So WBs had to be a 1982 product. The white boxes were done right. Sturdy construction, foam inserts top and bottom, individual art. That was after we knew we had a winner (such as it was) in the Dungeon Dwellers fantasy figures, and were willing to invest more. Interestingly, the Dungeon Dwellers name is very small in plain type on the boxes - don't know if that was to avoid offending TSR after we lost the licensing for Advanced D&D, or if we tried to de-emphasize the name because the line was fading (?), or if I just got tired of it, or forgot to put it on and added it as an afterthought. The old creepy DD art and style did clash with the new Heritage "White Boxes" style on Dwarfstar and Swordbearer, which I wanted to make the new Heritage corporate style. Bright to attract the customer's eye, very clean for an upmarket look, very legible in terms of type and individual product ID. One disadvantage of the DD art is that it was dark and didn't jump off the shelf to the customer's eye.
David Helber, former Art Director and Sculptor at Heritage USA
What was the time frame for production of the Paint n Plays?
Late 1979 to (my guess) the bitter end. Late '82, the first few weeks of '83, don't recall exactly. Probably have the last bounced paychecks somewhere.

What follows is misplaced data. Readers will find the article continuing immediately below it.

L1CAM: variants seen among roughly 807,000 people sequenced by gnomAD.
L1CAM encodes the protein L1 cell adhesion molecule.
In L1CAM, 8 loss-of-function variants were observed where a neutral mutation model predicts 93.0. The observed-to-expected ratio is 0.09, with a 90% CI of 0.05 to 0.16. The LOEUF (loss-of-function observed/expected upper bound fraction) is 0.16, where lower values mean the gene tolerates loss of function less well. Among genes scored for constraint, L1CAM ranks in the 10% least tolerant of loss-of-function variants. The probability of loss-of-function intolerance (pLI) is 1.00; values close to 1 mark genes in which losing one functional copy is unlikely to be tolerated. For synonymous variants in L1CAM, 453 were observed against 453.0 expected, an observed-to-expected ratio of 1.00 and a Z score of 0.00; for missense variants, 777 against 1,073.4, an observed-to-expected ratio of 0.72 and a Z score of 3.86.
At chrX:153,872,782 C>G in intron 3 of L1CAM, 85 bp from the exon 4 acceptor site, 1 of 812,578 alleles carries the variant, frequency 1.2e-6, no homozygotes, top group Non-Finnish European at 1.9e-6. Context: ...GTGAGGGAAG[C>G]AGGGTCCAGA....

How / why was David Wenzel chosen to do the Artwork for the White Box sets?
Howard Barasch was tickled by Wenzel's 1980 picture book "Kingdom of the Dwarfs" and showed it to me. I contacted him about the Denizens of the Dungeon plastic figure sets. I wanted Frank Cirocco for all four, but cost prohibited it. Cirocco was expensive. Wenzel, in spite of the book publication, was more reasonable in price and willing to work with us. I made it a point to offer all the artists credits on the box (unusual at the time) and purchased only First Publication rights, so the artist got back the painting and could exhibit or sell it or even sell for publication within the terms of our contract. These were significant bonuses to the artist that cost us nothing, so we got fairly good illustration prices from good illustrators.
For the White Boxes, money was tight, so I asked Wenzel if he could do us some quick works (watercolor, as I recall, with little inking), not as completely finished as his usual art, and he agreed. I think only the Level 4&5 Monsters illustration really shows the economy. It was the last, and really crowded the deadline. It obviously was done very quickly indeed. Still we clearly got our money's worth on the series as a whole. Wenzel was great to work with.